Alabama Woman Sentenced for Role in $20 Million Stolen Identity Tax Fraud Ring
Conspired With Others to File False Tax Returns Using Stolen Names and Social Security Numbers
A Phenix City, Alabama woman was sentenced today to serve more than seven years in prison for her role in a stolen identity refund fraud (SIRF) conspiracy, Acting Assistant Attorney General Caroline D. Ciraolo of the Justice Department’s Tax Division and U.S. Attorney George L. Beck, Jr. of the Middle District of Alabama announced today.
Talashia Hinton aka LayLay and LaLa, 24, was sentenced to 94 months in prison to be followed by three years of supervised release and ordered to pay restitution in the amount of $7,173,704. According to court documents and evidence presented at the sentencing hearing, Hinton participated in a large-scale SIRF scheme in which participants filed more than 8,000 false tax returns for 2012 and 2013 fraudulently claiming more than $20 million in federal income tax refunds from the Internal Revenue Service (IRS). Hinton worked with Keshia Lanier, who supplied her with IRS Electronic Filing Identification Numbers (EFINs) in the names of sham tax preparation businesses and stolen personal information, including names and social security numbers. Hinton used the EFINs and stolen personal information to prepare and file false income tax returns that fraudulently claimed tax refunds. At the direction of Lanier, Hinton also obtained stolen identities from Tamika Floyd, who stole names from a databases maintained by the state of Alabama. Hinton used some of those names to file false returns, emailed some of the names to Lanier and delivered other names to another co-conspirator, Tracy Mitchell and her family, who used the names to file false returns. Hinton then directed the IRS to pay the refunds by issuing U.S. Treasury checks and direct deposits onto prepaid debit cards.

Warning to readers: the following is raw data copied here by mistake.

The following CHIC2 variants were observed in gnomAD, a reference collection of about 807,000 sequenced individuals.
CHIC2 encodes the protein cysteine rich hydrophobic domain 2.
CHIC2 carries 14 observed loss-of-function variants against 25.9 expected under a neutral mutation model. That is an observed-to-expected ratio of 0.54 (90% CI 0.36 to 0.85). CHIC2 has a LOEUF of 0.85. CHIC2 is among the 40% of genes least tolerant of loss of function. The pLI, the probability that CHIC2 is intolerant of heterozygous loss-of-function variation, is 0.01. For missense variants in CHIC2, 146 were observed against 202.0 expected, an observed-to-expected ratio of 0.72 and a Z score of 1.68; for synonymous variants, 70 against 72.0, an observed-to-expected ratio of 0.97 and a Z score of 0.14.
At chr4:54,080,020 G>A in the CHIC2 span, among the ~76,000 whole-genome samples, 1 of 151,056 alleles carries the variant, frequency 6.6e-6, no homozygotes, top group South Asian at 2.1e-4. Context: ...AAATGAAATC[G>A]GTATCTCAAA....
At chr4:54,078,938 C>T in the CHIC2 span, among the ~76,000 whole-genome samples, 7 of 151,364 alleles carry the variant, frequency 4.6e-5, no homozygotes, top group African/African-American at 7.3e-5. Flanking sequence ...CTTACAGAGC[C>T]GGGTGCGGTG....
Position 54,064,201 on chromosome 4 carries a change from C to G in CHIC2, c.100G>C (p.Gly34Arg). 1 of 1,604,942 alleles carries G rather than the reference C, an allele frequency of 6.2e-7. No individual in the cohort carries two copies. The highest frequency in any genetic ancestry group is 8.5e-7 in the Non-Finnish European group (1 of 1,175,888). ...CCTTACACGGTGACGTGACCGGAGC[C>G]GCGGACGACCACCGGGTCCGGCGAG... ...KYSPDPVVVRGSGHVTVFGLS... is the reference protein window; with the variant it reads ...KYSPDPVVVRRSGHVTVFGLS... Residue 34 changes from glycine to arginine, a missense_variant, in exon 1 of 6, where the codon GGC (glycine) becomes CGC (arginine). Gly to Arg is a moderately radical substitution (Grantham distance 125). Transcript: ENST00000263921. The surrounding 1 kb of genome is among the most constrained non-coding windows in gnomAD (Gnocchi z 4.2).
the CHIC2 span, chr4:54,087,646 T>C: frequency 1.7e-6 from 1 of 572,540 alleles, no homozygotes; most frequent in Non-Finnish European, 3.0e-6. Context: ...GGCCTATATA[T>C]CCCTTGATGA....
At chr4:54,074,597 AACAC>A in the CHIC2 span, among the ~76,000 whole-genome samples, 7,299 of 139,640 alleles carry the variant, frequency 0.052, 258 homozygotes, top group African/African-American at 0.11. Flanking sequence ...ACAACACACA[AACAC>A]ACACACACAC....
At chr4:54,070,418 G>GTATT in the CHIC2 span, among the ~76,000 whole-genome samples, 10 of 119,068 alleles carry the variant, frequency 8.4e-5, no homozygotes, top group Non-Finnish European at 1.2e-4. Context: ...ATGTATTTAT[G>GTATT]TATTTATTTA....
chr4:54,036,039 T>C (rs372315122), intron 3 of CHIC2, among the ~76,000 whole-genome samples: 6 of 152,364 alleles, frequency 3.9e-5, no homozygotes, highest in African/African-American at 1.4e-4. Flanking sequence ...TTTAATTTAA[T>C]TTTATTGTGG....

Hinton pleaded guilty in August to conspiracy to defraud the government with respect to claims and aggravated identity theft. Lanier, Mitchell and Floyd also previously pleaded guilty for their roles in the SIRF scheme. In May, Tamika Floyd was sentenced to 87 months in prison; in August, Tracy Mitchell was sentenced to 159 months in prison and in September, Lanier was sentenced to 180 months in prison.
Acting Assistant Attorney General Ciraolo and U.S. Attorney Beck commended special agents of IRS-Criminal Investigation, who investigated the case, and Trial Attorneys Michael C. Boteler and Gregory P. Bailey of the Tax Division and Assistant U.S. Attorney Jonathan Ross of the Middle District of Alabama, who prosecuted the case.
Additional information about the Tax Division and its enforcement efforts may be found at www.justice.gov/tax.